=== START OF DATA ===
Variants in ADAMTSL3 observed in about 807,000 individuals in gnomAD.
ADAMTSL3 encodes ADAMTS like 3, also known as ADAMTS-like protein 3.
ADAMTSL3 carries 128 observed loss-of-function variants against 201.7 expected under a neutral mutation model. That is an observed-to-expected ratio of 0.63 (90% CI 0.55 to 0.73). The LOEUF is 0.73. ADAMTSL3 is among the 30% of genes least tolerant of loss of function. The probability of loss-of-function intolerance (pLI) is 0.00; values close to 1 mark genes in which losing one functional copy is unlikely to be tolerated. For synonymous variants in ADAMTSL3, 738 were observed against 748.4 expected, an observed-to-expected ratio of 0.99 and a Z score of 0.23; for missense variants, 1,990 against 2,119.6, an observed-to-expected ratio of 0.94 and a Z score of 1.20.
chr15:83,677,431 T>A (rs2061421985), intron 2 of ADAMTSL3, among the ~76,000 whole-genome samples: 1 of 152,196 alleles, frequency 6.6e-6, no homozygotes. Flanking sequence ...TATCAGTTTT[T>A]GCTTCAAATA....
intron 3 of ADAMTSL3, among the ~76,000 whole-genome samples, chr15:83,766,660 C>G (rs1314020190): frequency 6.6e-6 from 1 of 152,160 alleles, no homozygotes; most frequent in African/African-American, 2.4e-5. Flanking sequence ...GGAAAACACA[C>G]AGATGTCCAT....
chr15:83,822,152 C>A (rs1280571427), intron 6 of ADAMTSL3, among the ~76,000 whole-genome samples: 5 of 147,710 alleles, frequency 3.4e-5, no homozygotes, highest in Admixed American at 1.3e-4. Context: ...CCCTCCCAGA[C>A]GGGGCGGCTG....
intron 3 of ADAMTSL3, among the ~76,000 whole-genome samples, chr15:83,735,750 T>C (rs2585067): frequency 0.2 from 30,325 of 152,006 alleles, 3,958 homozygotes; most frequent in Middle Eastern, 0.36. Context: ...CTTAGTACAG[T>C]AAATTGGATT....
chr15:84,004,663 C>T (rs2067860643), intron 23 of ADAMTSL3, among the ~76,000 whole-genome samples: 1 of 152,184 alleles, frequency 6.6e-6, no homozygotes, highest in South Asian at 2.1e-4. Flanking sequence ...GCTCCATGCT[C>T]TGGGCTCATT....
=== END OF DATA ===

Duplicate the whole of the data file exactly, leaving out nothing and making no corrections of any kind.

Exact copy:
Variants in ADAMTSL3 observed in about 807,000 individuals in gnomAD.
ADAMTSL3 encodes ADAMTS like 3, also known as ADAMTS-like protein 3.
ADAMTSL3 carries 128 observed loss-of-function variants against 201.7 expected under a neutral mutation model. That is an observed-to-expected ratio of 0.63 (90% CI 0.55 to 0.73). The LOEUF is 0.73. ADAMTSL3 is among the 30% of genes least tolerant of loss of function. The probability of loss-of-function intolerance (pLI) is 0.00; values close to 1 mark genes in which losing one functional copy is unlikely to be tolerated. For synonymous variants in ADAMTSL3, 738 were observed against 748.4 expected, an observed-to-expected ratio of 0.99 and a Z score of 0.23; for missense variants, 1,990 against 2,119.6, an observed-to-expected ratio of 0.94 and a Z score of 1.20.
chr15:83,677,431 T>A (rs2061421985), intron 2 of ADAMTSL3, among the ~76,000 whole-genome samples: 1 of 152,196 alleles, frequency 6.6e-6, no homozygotes. Flanking sequence ...TATCAGTTTT[T>A]GCTTCAAATA....
intron 3 of ADAMTSL3, among the ~76,000 whole-genome samples, chr15:83,766,660 C>G (rs1314020190): frequency 6.6e-6 from 1 of 152,160 alleles, no homozygotes; most frequent in African/African-American, 2.4e-5. Flanking sequence ...GGAAAACACA[C>G]AGATGTCCAT....
chr15:83,822,152 C>A (rs1280571427), intron 6 of ADAMTSL3, among the ~76,000 whole-genome samples: 5 of 147,710 alleles, frequency 3.4e-5, no homozygotes, highest in Admixed American at 1.3e-4. Context: ...CCCTCCCAGA[C>A]GGGGCGGCTG....
intron 3 of ADAMTSL3, among the ~76,000 whole-genome samples, chr15:83,735,750 T>C (rs2585067): frequency 0.2 from 30,325 of 152,006 alleles, 3,958 homozygotes; most frequent in Middle Eastern, 0.36. Context: ...CTTAGTACAG[T>C]AAATTGGATT....
chr15:84,004,663 C>T (rs2067860643), intron 23 of ADAMTSL3, among the ~76,000 whole-genome samples: 1 of 152,184 alleles, frequency 6.6e-6, no homozygotes, highest in South Asian at 2.1e-4. Flanking sequence ...GCTCCATGCT[C>T]TGGGCTCATT....